Tagliatelle with homemade bolognese sauce at Alta Strada
Whenever I need a plate of comforting pasta, I head to Alta Strada for their tagliatelle bolognese. Needless to say, I spent a lot of time at Alta Strada in 2018.
Squid Ink Linguini with lobster, tomatoes and Calabrian chiles at Sfoglina Downtown
I’ve never met a Sfoglina pasta I didn’t like, but this one stood out for its toothsome linguini and sauce that has a lot going on but never gets in the way of the seafood.
House Bavarian White Sausage with mustard spaetzle, savoy cabbage, golden raisins at Chloe
Haidar Karoum always has a sausage on the menu. This was his opening offering, a finely-ground sausage redolent of mace, coriander and white pepper. And I can never resist spaetzle, like an Internet link telling me I won’t believe what Loni Anderson looks like now.
“Gnocchi” Rice Cakes with white pepper onion soubise, crispy shiitake, egg yolk + pickled red onion at Himitsu
Faux gnocchi bathed in a sauce that tastes like the onion dip of your dreams. Stir in the egg yolk and the other ingredients and the dream becomes dreamier.
Sablefish at Chloe
Chloe’s buttery sablefish will make believers out of those who think of sablefish only as a smoked alternative to lox.
Seafood Paella with Maine lobster, wild calamari, PEI mussels and tiger prawns at Del Mar
A terrific paella with a premium price to match. This pan was $190 and supposedly served 4-6 people. While that was literally true because the waiter doled out six servings, the serving sizes must have been designed by the same Nutrition Facts guy who decided that a serving of ice cream is 1/2 cup.
Poulet Rouge with tarragon-vinegar sauce at Convivial
Convivial has so many good options that I only recently got around to trying this beautifully crispy chicken sitting in a pool of tasty tarragon sauce. They say you should never meet your heroes, but someday I’d love to shake hands with the prep chef who de-boned this whole chicken.
Special Kitfo at CherCher
Fresh raw beef cut with clarified butter and just enough spice to provide a low-level heat. Take a piece of injera and eat with some of the greens and cheese.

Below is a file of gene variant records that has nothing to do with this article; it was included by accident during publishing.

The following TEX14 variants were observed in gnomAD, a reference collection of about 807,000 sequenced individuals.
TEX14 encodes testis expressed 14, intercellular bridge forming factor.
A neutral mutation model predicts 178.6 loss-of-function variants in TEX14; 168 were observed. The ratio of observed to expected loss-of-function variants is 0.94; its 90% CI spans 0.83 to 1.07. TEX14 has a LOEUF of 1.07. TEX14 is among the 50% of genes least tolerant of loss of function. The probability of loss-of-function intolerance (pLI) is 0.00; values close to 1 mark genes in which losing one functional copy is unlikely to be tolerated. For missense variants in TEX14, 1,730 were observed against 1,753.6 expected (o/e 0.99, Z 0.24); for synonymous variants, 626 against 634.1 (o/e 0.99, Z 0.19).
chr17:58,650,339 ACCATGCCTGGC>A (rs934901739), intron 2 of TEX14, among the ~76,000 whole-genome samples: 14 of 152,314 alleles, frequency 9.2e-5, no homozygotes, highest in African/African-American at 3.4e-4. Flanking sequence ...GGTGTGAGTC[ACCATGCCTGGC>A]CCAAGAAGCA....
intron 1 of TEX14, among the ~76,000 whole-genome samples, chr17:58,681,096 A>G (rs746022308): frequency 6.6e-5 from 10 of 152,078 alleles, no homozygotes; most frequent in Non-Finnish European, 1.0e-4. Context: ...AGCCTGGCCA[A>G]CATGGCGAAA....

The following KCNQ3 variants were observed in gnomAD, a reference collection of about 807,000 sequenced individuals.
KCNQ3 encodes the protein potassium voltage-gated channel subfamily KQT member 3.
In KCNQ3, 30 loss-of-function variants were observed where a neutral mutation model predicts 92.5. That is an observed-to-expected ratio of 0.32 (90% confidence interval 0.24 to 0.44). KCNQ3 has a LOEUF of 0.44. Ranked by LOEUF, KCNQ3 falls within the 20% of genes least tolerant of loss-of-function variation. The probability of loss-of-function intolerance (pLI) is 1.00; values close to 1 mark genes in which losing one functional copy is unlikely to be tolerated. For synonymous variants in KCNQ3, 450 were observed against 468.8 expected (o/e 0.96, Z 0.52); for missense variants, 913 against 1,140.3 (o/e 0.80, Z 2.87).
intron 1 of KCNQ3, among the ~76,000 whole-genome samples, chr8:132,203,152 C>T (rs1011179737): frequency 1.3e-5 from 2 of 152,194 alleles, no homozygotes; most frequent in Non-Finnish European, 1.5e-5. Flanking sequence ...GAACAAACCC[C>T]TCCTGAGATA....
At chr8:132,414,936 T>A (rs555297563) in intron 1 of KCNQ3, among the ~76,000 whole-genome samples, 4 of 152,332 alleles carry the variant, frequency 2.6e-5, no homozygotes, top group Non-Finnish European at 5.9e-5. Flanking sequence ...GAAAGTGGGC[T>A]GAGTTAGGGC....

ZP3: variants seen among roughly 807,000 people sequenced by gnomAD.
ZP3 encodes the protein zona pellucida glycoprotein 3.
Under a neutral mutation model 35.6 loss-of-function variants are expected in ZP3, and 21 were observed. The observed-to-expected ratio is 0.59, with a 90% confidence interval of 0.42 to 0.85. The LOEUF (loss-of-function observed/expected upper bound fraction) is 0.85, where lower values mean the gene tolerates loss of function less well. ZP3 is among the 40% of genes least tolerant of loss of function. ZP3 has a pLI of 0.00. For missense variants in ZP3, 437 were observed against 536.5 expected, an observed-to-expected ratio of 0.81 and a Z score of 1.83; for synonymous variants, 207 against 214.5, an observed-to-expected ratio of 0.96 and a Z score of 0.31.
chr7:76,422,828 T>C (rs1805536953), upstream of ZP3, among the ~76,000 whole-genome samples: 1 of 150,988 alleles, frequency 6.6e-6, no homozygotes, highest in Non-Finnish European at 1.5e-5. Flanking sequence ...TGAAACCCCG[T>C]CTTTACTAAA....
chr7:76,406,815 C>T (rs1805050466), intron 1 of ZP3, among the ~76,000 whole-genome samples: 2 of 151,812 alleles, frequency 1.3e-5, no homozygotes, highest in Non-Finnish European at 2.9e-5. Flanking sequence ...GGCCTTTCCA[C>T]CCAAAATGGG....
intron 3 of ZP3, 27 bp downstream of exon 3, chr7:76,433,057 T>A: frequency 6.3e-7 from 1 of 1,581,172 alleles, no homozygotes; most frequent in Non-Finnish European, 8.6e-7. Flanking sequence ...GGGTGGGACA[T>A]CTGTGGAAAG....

Roast Prime Rib at (where else) The Prime Rib
Sometimes old school is the best school.
Ax Handle Ribeye at St. Anselm
There are some excellent less expensive cuts on the menu at St. Anselm but this ribeye is worth the splurge.
Cheap Eats Best Bites
The Shyne Breakfast Bagel with bacon at Call Your Mother
DC’s best bagels make DC’s best breakfast sandwich.
Pepperoni Pizza at Frankly…Pizza!
Frankly…Pizza! must have been thrilled to see the opening of I’m Eddie Cano. Once bestowed, the mantle of worst restaurant name in the DC area rarely changes hands. And the pizza still rocks.
Delmonico Double Cheeseburger (with bacon and egg) at Unconventional Diner
2018 saw the full-flowering of flat-top burgers. This was my favorite higher-end version.
Shackburger and Fries, Shake Shack
And you can’t beat Shake Shack for the best flat-top burger in the fast-casual category.
Lechon Belly (with a side of Longanisa sausage) at Kuya Ja’s Lechon Belly
The lechon belly’s bronzed skin shatters when you bite into it like pork brittle. The meat itself is unctuous but well-rendered. When you look in the dictionary under the word “porky” … well, you won’t see this. Why would you? Do you even know how dictionaries work?
Pork Belly Sisig with sautéed headcheese, house spices, onion, chiles at Kuya Ja’s Lechon Belly
This is one of those dishes that can only have originated as an economical way to use left-over scraps of meat. First, turn the edible bits of a pig’s head into a terrine (called “head cheese” even though there’s no cheese involved). Then put the head cheese in a pan with leftover belly scraps and innards, add chiles, onion and egg and cook the whole thing until it crisps. Serve with rice, pickled vegetables and defibrillator paddles.
Potato Leaves with Beef, Peanut Butter Stew with Chicken, and Egusi Soup with Goat at Sumah’s West African Restaurant